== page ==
November 22, 2017

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The Inquisitor’s Tale by Adam Gidwitz | SLJ Review

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Gidwitz, Adam. The Inquisitor’s Tale: Or, the Three Magical Children and Their Holy Dog. illus. by Hatem Aly. 384p. Dutton. Sept. 2016. Tr $17.99. ISBN 9780525426165.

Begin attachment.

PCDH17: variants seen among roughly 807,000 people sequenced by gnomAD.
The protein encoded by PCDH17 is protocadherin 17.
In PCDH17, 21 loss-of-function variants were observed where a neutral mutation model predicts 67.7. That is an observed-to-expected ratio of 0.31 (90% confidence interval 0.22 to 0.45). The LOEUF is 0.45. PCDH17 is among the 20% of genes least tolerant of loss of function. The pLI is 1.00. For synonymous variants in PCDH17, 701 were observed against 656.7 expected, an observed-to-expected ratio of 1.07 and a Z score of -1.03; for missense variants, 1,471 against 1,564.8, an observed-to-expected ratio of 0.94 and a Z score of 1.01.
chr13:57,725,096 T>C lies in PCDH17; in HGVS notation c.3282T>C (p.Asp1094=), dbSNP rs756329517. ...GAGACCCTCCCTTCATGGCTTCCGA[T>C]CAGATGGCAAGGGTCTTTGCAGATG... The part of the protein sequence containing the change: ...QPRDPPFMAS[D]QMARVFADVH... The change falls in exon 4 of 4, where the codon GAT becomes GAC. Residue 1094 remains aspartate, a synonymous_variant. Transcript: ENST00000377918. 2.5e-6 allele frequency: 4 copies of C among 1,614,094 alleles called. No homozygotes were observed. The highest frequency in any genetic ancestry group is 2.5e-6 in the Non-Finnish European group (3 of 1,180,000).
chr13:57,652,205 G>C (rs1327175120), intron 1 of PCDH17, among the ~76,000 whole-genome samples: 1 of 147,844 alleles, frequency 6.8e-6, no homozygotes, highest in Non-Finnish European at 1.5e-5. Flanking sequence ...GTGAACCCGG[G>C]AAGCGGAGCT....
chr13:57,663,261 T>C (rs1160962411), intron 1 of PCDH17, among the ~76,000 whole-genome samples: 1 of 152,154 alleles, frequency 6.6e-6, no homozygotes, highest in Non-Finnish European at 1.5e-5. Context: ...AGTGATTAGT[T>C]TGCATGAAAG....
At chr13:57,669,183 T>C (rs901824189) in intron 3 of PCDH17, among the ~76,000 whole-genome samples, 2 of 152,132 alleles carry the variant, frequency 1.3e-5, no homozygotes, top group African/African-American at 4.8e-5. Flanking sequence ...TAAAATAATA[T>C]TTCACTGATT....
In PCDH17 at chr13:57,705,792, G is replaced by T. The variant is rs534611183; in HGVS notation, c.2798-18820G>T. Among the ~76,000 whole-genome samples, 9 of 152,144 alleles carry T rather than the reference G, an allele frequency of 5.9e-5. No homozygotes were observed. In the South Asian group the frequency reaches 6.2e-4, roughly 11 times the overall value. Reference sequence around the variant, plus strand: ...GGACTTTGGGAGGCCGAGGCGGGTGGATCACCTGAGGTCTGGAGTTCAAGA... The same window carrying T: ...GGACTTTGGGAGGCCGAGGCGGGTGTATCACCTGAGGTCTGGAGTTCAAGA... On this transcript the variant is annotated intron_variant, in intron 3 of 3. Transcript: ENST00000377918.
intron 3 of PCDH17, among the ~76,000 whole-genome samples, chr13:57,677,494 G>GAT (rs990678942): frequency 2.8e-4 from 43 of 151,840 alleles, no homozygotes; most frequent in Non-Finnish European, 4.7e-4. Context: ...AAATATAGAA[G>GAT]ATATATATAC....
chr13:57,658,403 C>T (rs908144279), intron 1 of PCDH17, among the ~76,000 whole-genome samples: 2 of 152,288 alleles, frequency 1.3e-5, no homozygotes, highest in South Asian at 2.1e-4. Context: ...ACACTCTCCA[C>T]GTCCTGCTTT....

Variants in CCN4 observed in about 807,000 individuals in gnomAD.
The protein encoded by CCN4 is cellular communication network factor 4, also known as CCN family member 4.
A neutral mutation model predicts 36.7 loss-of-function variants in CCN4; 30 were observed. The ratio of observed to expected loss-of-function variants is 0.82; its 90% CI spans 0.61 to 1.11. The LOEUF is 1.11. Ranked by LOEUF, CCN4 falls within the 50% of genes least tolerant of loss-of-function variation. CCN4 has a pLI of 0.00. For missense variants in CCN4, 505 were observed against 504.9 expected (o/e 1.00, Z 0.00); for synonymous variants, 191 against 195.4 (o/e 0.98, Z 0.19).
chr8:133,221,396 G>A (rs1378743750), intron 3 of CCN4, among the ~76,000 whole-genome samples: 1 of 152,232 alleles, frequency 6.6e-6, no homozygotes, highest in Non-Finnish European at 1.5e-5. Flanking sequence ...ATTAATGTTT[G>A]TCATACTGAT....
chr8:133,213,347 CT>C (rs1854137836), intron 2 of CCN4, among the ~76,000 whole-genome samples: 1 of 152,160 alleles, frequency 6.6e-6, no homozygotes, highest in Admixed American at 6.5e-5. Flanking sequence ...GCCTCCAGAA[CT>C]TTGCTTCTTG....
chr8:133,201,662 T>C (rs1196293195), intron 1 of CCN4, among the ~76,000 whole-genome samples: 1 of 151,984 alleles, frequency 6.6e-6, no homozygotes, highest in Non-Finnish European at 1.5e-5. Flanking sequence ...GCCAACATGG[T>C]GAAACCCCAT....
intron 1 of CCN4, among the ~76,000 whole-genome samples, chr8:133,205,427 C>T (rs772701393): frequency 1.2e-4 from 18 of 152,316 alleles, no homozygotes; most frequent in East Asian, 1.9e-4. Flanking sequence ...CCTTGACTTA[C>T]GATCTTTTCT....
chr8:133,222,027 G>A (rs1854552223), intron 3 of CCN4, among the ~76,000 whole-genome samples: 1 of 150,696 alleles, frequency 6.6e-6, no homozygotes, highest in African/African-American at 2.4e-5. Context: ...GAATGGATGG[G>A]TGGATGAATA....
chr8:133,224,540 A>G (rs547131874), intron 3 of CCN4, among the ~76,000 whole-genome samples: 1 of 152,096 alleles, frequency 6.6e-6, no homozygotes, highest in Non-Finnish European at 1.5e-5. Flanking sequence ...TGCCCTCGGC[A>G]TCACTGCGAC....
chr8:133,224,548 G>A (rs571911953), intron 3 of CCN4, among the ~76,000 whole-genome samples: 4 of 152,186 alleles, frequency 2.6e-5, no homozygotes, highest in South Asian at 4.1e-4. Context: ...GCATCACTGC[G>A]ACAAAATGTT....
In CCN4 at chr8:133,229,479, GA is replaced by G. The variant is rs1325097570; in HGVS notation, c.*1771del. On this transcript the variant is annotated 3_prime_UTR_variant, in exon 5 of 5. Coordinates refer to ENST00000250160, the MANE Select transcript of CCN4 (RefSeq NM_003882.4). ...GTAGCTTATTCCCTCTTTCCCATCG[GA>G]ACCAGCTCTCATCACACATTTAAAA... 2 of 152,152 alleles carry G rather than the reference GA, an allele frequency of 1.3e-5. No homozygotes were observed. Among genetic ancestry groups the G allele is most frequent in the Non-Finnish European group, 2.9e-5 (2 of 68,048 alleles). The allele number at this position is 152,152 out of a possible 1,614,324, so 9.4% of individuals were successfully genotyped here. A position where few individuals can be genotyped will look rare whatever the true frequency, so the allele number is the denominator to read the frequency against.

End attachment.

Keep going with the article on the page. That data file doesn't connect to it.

Gr 5-10–What is a miracle? Is a miracle what happens when, faced with murderous bandits, a teenage monk ripsInquisitor's Apprentice a leg off his donkey, beats them to death with it, then restores the donkey’s leg? Or is it a miracle when a cranky innkeeper is so moved by a little girl’s friendliness that he risks his life to help her and her companions flee a posse of armed knights? Maybe the real miracle happens when readers attracted to the action and violence a particular author is known for find themselves strongly invested in the moral questions that plague bandit-killing monk and friendly peasant girl alike—along with every other character they encounter, from a young minstrel/pickpocket to Louis IX. Gidwitz’s tale of medieval France successfully combines the epic with the personal, aiming for that heart-stopping moment when characters readers have come to care about find themselves on a collision course with one of the great wood chippers of history—the Inquisition, agents of which are in hot pursuit of three underdog characters (and one actual dog) from the very start. It is left to the titular Inquisitor to discover the truth behind the legends that quickly rise to surround these kids. He nudges it from each of the travelers at a roadside inn, the narrative tension rising as each facet is revealed. VERDICT This book appeals to the heart, to the mind, and to any reader’s appetite for action: read it for the thrilling escapes, the fart jokes, the stinky cheese, or the palace intrigue. Read it for the Talmudic wisdom, commonsense philosophies, and moments of doubt. Read it for the palaces and monasteries and the unbelievable descriptions of food. But read it.–Paula Willey, Baltimore County Public Library, Towson

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